Dijon in France – Visitors Guide to a City Which really Cuts the Mustard

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Dijon is world famous for its mustard. But it’s so much more than that. Dijon is the capital of the Côte-d’Or département and of the Burgundy region. It lies in an area that has been occupied since Neolithic times, and was a Roman settlement 2,000 years ago on the road linking Lyon and Paris. The city is the former capital of the dukes of Burgundy, a museum town with a well-preserved and presented architectural heritage.

Where is Dijon in France?

Dijon lies 310 km (193 miles) south-east of Paris, 190 km (118 miles) north-north-west of Geneva, and 192 km (120 miles) north of Lyon.

It lies at the heart of a plain drained by two small converging rivers: the Suzon, which crosses it mostly underground from north to south, and the Ouche, on the southern side of the city. Farther south is the ‘côte’, or hillside, of vineyards that gives the department its name.

Things to do in Dijon

Dijon has numerous museums such as the Musée des Beaux-Arts, the Musée Archéologique, the Musée de la Vie Bourguignonne, the Musée d’Art Sacré, and the Musée Magnin. It also contains approximately 700 hectares of parks and green space, including the Jardin botanique de l’Arquebuse.

In addition to a plethora of churches, Dijon has a rich and varied architectural styles from the main periods of the past millennium, including Capetian, Gothic and Renaissance. Many town houses in the city’s central district, still-inhabited, date from the 18th century and earlier.

Half-timbered houses in Dijon

Dijon architecture is distinguished by, among other things, toits bourguignons (Burgundian polychrome roofs) made of tiles glazed in terracotta, green, yellow and black and arranged in geometric patterns.

The city has considerable cultural heritage of interest to visitors. The Château de Gevrey-Chambertin was built in the 11th century on the site of a Gallo-Roman villa, when it was already surrounded by vineyards.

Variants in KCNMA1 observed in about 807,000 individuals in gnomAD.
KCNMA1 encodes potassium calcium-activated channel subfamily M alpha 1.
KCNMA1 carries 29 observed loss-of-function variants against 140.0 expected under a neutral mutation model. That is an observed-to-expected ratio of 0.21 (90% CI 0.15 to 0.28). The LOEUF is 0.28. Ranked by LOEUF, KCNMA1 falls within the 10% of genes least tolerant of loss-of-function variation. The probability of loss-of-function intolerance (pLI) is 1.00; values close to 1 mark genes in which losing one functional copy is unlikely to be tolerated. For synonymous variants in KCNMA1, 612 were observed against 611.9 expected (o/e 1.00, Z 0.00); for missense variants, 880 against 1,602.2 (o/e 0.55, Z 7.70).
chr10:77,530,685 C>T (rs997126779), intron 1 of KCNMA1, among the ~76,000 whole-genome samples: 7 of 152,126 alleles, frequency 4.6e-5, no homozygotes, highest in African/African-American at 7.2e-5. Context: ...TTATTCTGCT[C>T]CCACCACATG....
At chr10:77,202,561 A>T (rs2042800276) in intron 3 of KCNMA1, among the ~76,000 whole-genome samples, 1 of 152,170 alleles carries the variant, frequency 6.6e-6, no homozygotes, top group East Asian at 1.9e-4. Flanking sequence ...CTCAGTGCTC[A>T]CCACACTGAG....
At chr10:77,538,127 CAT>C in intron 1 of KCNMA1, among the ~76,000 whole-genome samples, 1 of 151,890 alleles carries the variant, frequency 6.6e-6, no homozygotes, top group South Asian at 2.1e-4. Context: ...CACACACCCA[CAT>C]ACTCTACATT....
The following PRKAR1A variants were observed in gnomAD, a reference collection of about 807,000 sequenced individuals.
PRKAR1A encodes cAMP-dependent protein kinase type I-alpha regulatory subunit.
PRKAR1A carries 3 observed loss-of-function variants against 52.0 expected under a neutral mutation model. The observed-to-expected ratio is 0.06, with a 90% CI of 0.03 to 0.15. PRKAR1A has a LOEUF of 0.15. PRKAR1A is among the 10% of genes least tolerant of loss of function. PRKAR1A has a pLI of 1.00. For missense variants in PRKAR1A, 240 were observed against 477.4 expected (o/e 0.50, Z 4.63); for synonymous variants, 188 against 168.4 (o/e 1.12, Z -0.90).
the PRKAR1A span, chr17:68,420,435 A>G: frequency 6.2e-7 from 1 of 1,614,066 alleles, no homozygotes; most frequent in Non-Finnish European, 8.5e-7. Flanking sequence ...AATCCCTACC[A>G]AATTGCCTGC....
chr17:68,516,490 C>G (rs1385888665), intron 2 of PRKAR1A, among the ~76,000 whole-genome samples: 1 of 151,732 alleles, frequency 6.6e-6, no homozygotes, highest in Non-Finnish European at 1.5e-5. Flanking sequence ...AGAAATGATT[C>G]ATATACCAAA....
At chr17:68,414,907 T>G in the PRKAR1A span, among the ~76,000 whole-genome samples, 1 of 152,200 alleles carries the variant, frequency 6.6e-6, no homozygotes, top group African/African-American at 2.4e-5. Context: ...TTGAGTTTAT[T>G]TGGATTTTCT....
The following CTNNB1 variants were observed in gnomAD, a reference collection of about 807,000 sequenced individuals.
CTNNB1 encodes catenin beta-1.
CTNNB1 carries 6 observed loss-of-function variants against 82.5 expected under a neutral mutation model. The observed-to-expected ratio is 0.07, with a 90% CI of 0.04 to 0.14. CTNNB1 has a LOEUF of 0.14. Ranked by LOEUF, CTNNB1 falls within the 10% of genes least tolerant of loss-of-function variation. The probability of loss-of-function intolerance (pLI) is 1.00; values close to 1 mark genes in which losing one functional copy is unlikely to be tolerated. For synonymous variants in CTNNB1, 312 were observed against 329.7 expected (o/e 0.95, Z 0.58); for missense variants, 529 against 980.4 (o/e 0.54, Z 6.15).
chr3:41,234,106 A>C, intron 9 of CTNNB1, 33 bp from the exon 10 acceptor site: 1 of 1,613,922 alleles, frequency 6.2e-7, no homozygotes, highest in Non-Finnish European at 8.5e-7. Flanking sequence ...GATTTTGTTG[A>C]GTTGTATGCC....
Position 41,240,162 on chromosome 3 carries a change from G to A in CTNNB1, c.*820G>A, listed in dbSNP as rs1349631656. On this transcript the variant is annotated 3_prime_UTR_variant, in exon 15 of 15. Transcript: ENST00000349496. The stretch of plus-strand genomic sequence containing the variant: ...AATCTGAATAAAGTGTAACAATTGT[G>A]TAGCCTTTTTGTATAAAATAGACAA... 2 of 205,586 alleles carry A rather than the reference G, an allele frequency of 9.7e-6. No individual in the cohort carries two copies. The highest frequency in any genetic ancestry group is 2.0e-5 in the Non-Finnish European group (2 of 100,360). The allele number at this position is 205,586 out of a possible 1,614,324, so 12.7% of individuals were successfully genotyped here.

The Musée Archéologique contains items from all part of the Côte d’Or department. While the Musée de la Vie Bourguignonne, situated in the cloister of the former Bernardine convent, houses a collection of both rural and urban ethnography (country costumes, furniture, etc., everyday life in Dijon from the 18C to the 20C).

The Museum of Fine Arts in Dijon, being one of the oldest museums in France, was founded in 1787 during the Age of Enlightenment.

It is renowned all over the world both for the richness of its encyclopaedic collections, stretching from Egyptian art to the 20th century and for the historical interest of the building that holds them, the Palace of the Dukes of Burgundy.

Dijon in Burgundy

Burgundy, of course, is a world-famous French wine region, and notable vineyards, such as Vosne-Romanée and Gevrey-Chambertin, are within 20 minutes of the Dijon city centre.

The road from Santenay to Dijon is known as the ‘Route des Grands Crus’, where eight of the world’s most celebrated wines are produced. The tourist office holds information about a considerable number of organised tours of the vineyards.

All about Dijon mustard

The well-known Dijon mustard originated in 1856, when Jean Naigeon of Dijon substituted verjuice, the acidic “green” juice of not-quite-ripe grapes, for vinegar in the traditional French mustard recipe.

World famous Dijon mustard

In general, mustards from Dijon today contain white wine rather than verjuice. Dijon mustard is not necessarily produced near Dijon, as the term is regarded as genericised under European Union law, so that it cannot be registered for protected designation of origin status.

Most Dijon mustard is produced industrially and over 90% of mustard seed used in local production is imported, mainly from Canada.

Many Dijon mustard shops sell exotic or unusually-flavoured mustard (fruit-flavoured, for example), often sold in decorative hand-painted faience (china) pots.

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